Thursday, March 24, 2011

St. Patrick's Day

Yeah, I know I’m a little late with this, but am I the only one who is annoyed when March 17 rolls around? I was grateful to learn I’m not alone when my girlfriend asked jokingly, in so many words, how the Irish get off thinking they deserve their own day of celebration. Sure, there’s Oktoberfest, but that isn’t an actual “day,” and it isn’t as widely recognized. I myself am an American Mutt, if you will, and there isn’t a day to celebrate my heritage.

I do think that our collective attitudes are changing. St. Patrick’s Day may still be about green beer, shamrocks, and leprechauns, but other holidays are undergoing a metamorphosis. Increasingly, Columbus Day is being celebrated as Native American Day, or Indigenous Peoples Day, to rightfully recognize those who came before all of us European settlers. Hm-m-m, maybe we can make St. Patrick’s Day a national holiday celebrating serpents. Saint Patrick supposedly drove all the snakes out of Ireland, so it seems only fair that we pay the reptiles a little respect.

Down here in the border states, we are also adopting certain Mexican holidays such as the Day of the Dead (Dia de los Muertos). It is a good way to improve relations between the two nations, as well as a learning experience for us gringos. It is also a great way to foster creativity. Have you seen some of the costumes in those parades?

I don’t know. I still think that if there should be a holiday for any one particular population, it should be for those descendants of the families that came over here on the Mayflower. What a coincidence, I am one of those people! You get my point. We all want to be celebrated, to belong to an exclusive club worthy of honor and respect. We want to be special. You know what? We all are. We are also just ordinary folks who need to get over ourselves.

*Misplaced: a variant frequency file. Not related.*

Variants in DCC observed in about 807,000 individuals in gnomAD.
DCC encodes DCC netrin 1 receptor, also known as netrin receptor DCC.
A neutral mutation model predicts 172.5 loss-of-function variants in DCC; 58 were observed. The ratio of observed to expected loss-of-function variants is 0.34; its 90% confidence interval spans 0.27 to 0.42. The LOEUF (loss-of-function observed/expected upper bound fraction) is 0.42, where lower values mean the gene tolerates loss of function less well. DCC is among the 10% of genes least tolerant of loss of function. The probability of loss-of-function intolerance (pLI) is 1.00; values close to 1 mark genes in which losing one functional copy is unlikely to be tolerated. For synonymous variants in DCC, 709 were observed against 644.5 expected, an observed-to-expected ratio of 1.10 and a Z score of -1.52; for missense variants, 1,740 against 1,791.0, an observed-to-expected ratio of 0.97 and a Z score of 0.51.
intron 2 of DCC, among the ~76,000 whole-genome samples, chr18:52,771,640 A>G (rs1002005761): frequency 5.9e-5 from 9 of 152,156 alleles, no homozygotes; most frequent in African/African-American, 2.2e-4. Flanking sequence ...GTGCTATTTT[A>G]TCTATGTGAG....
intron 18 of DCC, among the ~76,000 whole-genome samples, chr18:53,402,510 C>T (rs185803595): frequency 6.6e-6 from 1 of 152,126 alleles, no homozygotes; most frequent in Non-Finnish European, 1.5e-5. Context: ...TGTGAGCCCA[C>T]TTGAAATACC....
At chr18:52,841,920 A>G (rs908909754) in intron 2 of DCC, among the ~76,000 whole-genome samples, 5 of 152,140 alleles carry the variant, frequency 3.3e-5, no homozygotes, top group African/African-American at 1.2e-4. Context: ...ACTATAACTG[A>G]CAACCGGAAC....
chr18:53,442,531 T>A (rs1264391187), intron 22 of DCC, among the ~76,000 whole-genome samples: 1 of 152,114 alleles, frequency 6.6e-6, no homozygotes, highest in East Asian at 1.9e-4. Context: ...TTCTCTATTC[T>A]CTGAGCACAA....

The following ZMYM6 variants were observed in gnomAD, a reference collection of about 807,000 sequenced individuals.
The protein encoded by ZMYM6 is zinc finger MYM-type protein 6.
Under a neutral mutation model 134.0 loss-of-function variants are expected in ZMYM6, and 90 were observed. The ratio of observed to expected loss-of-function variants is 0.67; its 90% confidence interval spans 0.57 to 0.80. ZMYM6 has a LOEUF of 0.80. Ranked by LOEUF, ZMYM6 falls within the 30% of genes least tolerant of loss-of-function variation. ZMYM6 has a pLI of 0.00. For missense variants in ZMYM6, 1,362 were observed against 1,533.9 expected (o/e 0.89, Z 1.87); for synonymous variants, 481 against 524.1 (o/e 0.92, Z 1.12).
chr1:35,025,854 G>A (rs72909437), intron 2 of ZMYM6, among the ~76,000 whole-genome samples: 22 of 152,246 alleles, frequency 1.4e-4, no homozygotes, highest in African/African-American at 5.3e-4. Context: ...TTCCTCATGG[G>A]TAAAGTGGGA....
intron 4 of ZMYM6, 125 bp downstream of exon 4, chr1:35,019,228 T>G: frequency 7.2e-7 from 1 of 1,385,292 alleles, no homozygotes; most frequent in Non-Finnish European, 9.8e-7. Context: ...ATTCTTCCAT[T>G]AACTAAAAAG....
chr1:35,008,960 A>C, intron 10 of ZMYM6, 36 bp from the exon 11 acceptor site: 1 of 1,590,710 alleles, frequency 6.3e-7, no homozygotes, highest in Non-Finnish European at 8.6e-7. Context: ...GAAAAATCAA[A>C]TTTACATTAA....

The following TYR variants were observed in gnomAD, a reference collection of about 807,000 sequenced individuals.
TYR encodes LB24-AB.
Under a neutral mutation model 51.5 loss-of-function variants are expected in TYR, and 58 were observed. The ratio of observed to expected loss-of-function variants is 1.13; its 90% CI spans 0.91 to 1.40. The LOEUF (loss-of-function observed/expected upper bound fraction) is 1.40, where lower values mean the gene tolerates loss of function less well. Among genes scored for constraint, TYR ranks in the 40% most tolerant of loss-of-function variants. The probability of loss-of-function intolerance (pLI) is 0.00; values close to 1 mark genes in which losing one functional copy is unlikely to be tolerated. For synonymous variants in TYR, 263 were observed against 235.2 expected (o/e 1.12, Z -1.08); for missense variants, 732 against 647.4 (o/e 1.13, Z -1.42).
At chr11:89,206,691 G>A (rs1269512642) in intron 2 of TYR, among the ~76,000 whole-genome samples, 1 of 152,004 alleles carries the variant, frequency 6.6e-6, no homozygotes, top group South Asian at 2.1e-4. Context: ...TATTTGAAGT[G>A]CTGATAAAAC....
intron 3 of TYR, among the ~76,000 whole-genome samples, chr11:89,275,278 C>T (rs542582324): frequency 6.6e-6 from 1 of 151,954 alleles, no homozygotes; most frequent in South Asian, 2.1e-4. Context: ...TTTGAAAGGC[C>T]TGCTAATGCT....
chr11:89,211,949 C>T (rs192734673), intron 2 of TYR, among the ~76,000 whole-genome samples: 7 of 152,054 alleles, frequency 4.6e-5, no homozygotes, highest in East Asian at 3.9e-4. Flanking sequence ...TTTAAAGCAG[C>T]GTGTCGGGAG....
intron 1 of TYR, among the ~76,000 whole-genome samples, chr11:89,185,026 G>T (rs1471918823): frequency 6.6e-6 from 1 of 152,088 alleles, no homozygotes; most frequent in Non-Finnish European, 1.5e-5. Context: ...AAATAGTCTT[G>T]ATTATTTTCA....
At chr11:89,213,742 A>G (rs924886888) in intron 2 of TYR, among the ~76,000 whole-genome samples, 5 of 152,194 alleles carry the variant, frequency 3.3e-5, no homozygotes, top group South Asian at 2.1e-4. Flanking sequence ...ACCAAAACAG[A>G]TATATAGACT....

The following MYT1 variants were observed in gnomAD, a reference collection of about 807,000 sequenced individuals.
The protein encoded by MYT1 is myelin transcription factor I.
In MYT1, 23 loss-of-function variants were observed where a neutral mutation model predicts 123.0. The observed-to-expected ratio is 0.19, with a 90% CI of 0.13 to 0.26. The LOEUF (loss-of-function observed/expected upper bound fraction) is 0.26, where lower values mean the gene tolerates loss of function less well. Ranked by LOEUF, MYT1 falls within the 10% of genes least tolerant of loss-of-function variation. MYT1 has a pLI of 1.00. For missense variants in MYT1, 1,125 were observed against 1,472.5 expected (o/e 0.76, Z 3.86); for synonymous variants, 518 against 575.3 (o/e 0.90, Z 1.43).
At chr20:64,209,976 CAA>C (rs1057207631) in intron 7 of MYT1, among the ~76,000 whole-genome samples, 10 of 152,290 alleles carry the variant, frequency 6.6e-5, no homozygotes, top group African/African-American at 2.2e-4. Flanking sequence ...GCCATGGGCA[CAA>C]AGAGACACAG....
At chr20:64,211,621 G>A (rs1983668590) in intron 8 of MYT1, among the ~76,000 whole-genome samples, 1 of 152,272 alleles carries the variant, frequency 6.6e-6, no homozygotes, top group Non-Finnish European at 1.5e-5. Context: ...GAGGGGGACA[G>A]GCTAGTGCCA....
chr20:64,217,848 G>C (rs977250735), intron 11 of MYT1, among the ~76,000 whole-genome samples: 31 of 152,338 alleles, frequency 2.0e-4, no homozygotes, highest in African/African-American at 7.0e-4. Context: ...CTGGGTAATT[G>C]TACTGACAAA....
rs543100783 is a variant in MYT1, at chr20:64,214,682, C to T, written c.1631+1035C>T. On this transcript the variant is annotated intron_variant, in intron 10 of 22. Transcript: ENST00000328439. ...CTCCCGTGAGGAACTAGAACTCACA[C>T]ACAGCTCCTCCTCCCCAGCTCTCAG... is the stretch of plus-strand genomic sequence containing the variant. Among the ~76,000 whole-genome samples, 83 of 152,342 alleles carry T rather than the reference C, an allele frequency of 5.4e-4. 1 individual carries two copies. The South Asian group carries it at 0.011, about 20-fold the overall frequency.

1. Er, I don't get your point, Eric. Eh-hem, isn't Thanksgiving enough of a holiday to recognize those and their descendants, including you, who came to America on one boatload, the Mayflower, and took over most of the North American continent and spread diseases and invasives that wiped out the native human, animal, and plant populations? As far as I know, no one gets March 17th off work as a national holiday, like Thanksgiving. So, um, what's your complaint, again? Personally, I love the fact that here in the U.S, we have different special dates during the year to celebrate each of our different origins and cultures. It's part of what makes us American.

  2. I am saying that these "holidays" promote a bit of arrogance; also, I *do* harbor some shame that my ancestors were at the root of so many problems. We really *did* start the fire, to borrow a phrase from Billy Joel. We need to celebrate our differences less, our similarities more. We need to celebrate that we are animals, in fact.

  3. Hi Eric. I found this blog post and thought it might interest you (make sure to click to the NY Times Op-Ed, which I found easier to understand):